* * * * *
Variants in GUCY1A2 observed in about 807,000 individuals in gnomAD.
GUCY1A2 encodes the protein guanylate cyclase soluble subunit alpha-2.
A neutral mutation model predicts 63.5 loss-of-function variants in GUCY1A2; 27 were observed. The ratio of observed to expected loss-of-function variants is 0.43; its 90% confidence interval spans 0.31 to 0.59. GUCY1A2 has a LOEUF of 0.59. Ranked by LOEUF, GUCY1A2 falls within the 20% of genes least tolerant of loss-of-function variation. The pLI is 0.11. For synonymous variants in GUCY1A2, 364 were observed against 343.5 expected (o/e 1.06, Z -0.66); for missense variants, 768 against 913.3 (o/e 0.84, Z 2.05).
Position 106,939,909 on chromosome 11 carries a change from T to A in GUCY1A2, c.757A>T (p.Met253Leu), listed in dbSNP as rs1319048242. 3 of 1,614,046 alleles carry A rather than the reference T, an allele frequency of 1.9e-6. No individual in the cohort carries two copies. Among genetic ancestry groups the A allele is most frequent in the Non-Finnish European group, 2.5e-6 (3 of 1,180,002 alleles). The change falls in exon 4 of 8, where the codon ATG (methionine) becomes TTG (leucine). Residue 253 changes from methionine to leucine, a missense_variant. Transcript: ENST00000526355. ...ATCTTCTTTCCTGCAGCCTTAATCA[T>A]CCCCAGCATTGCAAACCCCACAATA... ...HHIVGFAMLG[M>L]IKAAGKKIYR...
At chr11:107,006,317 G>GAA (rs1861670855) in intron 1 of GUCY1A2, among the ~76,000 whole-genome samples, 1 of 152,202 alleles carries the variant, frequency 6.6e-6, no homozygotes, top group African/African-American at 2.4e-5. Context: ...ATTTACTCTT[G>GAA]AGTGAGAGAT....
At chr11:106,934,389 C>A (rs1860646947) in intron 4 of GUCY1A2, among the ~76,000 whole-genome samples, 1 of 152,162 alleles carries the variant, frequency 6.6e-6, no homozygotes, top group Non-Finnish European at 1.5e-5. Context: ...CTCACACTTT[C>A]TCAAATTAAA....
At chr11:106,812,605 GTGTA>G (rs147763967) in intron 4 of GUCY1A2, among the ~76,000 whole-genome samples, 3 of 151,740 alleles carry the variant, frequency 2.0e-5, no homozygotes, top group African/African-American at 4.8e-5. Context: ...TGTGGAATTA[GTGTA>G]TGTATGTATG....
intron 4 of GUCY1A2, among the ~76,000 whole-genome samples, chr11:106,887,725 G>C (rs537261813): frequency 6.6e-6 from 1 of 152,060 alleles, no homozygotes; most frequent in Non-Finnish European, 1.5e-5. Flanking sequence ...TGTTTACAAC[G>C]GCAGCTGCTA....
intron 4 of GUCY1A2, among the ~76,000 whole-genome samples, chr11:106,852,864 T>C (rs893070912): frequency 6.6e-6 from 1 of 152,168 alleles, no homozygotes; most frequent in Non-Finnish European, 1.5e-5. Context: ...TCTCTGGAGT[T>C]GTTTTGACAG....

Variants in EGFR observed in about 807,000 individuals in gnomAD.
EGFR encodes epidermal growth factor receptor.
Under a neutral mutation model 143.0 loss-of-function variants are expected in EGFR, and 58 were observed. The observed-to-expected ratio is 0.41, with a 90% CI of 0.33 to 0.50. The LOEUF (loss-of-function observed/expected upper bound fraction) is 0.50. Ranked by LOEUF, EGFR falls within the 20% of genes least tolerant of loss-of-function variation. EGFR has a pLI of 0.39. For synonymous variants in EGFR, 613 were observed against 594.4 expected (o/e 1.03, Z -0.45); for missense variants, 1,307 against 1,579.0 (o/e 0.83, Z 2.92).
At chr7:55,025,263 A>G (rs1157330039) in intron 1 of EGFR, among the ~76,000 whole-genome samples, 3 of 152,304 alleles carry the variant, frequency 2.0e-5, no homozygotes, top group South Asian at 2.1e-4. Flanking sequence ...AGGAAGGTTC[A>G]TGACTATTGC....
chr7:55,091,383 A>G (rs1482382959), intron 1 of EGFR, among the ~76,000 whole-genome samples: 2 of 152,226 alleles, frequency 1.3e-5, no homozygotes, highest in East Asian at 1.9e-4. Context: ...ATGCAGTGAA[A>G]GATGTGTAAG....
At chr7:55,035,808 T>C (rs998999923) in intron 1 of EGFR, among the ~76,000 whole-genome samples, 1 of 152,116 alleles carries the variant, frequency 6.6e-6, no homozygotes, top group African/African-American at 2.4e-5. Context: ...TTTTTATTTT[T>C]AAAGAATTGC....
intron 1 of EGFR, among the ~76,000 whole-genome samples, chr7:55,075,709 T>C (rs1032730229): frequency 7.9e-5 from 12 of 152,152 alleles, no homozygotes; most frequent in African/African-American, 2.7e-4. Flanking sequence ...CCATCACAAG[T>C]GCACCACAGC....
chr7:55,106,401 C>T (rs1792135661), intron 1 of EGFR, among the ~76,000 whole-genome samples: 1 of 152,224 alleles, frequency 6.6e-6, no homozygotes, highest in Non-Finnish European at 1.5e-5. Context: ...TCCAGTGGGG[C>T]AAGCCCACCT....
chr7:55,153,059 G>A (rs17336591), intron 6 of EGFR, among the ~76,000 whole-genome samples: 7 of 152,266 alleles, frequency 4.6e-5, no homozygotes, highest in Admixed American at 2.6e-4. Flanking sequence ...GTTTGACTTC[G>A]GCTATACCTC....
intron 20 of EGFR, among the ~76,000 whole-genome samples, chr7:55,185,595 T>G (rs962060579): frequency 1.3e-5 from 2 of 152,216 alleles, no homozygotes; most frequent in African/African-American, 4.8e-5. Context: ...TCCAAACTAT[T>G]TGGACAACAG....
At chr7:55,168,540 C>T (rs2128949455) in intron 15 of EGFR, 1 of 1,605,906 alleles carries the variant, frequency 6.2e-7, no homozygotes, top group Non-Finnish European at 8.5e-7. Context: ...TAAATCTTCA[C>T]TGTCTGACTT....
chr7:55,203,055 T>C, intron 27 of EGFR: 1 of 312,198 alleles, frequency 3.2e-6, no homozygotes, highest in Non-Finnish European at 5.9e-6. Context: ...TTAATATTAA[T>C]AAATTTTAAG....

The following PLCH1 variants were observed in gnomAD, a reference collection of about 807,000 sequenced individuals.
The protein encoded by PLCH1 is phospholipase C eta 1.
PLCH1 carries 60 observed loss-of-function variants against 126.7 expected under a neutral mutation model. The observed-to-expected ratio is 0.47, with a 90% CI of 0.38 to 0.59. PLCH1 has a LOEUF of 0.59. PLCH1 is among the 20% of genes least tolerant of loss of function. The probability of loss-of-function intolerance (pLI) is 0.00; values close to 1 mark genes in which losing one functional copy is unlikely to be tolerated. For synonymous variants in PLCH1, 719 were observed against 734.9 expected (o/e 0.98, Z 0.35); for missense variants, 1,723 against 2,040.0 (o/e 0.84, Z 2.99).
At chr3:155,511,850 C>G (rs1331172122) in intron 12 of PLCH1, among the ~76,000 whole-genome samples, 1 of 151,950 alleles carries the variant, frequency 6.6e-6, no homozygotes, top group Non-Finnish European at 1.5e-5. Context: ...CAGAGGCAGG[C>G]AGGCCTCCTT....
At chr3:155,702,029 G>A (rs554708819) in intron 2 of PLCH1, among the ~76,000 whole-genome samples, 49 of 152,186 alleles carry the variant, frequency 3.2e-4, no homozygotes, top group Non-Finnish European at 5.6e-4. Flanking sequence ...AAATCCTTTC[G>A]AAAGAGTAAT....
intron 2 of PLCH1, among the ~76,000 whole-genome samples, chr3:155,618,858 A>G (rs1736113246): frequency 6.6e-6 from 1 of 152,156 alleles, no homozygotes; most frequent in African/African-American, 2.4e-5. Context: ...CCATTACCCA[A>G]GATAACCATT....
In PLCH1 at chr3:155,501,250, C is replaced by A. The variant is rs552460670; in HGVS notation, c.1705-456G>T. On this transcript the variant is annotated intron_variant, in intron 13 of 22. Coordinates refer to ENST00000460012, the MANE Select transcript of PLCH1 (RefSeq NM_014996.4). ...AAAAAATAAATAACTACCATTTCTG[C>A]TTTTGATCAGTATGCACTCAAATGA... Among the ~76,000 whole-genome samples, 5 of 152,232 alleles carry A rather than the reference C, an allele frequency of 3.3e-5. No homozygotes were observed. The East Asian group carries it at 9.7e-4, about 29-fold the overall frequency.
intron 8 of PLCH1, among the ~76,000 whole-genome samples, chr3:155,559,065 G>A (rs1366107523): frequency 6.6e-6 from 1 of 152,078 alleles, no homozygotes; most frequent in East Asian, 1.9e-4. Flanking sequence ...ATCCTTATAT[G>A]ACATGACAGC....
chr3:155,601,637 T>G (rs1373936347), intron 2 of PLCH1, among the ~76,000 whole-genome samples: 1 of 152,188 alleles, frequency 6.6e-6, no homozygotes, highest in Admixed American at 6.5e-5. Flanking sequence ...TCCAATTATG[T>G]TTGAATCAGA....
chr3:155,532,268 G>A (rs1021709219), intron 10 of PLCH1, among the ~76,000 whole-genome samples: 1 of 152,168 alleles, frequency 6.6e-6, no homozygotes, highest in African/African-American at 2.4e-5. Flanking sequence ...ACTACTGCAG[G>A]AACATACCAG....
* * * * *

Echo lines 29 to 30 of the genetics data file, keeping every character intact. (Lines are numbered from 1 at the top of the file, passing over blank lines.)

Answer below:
intron 8 of PLCH1, among the ~76,000 whole-genome samples, chr3:155,559,065 G>A (rs1366107523): frequency 6.6e-6 from 1 of 152,078 alleles, no homozygotes; most frequent in East Asian, 1.9e-4. Flanking sequence ...ATCCTTATAT[G>A]ACATGACAGC....
chr3:155,601,637 T>G (rs1373936347), intron 2 of PLCH1, among the ~76,000 whole-genome samples: 1 of 152,188 alleles, frequency 6.6e-6, no homozygotes, highest in Admixed American at 6.5e-5. Flanking sequence ...TCCAATTATG[T>G]TTGAATCAGA....